- It may have narrow coverage. It means researchers may collect data only within his/her reach or according to his mindset.
Secondary Sources of Data
These are sources containing data which have been collected and compiled for another purpose. The secondary sources consists of readily compendia and already compiled statistical statements and reports whose data may be used by researchers for their studies e.g., census reports , annual reports and financial statements of companies, Statistical statement, Reports of Government Departments, Annual reports of currency and finance published by the Reserve Bank of India, Statistical statements relating to Cooperatives and Regional Banks, published by the NABARD, Reports of the National sample survey Organization, Reports of trade associations, publications of international organizations such as UNO, IMF, World Bank, ILO, WHO, etc., Trade and Financial journals newspapers etc.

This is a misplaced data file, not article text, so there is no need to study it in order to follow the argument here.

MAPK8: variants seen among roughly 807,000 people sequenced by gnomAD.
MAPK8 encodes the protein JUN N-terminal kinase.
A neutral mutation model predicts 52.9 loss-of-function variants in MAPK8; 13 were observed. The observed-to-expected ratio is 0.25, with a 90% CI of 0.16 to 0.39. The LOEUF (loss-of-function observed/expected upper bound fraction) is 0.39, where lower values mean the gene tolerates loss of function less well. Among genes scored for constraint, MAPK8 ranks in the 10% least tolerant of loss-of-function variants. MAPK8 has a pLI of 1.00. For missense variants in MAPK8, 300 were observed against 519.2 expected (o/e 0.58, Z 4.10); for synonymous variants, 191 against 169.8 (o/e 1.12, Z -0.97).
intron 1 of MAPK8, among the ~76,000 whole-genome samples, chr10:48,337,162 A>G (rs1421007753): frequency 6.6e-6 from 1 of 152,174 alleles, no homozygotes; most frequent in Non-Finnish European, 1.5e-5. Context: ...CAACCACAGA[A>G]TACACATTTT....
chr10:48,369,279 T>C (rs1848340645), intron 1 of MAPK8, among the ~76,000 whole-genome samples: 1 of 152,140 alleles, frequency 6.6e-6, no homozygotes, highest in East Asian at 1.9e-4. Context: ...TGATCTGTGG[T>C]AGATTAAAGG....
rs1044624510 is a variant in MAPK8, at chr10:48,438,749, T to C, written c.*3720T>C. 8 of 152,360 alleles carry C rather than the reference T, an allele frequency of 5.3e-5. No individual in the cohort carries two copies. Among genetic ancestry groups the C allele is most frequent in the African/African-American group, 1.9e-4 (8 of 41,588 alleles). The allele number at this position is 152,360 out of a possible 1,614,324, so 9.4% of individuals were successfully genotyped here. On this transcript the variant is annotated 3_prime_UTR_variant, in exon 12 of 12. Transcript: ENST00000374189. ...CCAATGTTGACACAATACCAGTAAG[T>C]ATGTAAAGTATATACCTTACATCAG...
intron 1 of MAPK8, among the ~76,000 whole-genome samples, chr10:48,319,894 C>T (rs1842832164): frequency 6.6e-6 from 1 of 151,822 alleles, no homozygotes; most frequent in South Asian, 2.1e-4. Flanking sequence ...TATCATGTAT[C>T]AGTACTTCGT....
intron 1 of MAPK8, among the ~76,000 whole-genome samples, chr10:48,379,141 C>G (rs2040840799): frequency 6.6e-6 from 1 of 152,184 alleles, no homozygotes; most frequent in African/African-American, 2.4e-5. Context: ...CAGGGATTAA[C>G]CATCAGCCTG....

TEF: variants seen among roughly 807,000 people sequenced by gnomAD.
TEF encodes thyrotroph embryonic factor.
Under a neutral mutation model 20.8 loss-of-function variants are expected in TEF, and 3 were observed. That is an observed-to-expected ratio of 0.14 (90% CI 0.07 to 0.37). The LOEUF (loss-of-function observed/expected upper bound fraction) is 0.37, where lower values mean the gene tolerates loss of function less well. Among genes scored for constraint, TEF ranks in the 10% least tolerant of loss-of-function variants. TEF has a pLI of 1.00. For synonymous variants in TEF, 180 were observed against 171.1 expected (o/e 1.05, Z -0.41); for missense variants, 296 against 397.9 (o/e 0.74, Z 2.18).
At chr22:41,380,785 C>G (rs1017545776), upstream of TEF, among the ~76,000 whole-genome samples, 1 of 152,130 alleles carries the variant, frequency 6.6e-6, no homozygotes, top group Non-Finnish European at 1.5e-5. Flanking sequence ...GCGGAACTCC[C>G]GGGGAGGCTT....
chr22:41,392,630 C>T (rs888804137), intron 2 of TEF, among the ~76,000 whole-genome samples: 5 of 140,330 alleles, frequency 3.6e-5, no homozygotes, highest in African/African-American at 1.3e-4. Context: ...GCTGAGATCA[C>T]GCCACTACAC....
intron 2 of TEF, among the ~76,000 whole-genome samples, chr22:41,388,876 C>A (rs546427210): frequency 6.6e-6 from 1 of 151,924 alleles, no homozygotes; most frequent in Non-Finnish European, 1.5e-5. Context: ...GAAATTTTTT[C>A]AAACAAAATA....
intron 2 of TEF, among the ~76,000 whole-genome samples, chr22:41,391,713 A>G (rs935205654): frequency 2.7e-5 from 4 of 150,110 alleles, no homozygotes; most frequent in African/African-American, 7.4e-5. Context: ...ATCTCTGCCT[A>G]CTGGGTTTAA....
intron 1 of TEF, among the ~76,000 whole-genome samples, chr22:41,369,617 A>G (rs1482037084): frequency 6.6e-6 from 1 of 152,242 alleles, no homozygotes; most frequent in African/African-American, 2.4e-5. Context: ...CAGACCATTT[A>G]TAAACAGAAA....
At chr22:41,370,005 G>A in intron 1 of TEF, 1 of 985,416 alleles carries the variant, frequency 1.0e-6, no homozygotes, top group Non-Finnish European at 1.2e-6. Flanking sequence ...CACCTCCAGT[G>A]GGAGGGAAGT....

Secondary sources consist of not only published records and reports, but also unpublished records. The latter category includes various records and registers maintained by the firms and organizations, e.g., accounting and financial records, personnel records, register of members, minutes of meetings, inventory records etc.
Features of Secondary Data
Though secondary sources are diverse and consist of all sorts of materials, they have certain common characteristics.
- First, they are readymade and readily available, and do not require the trouble of constructing tools and administering them.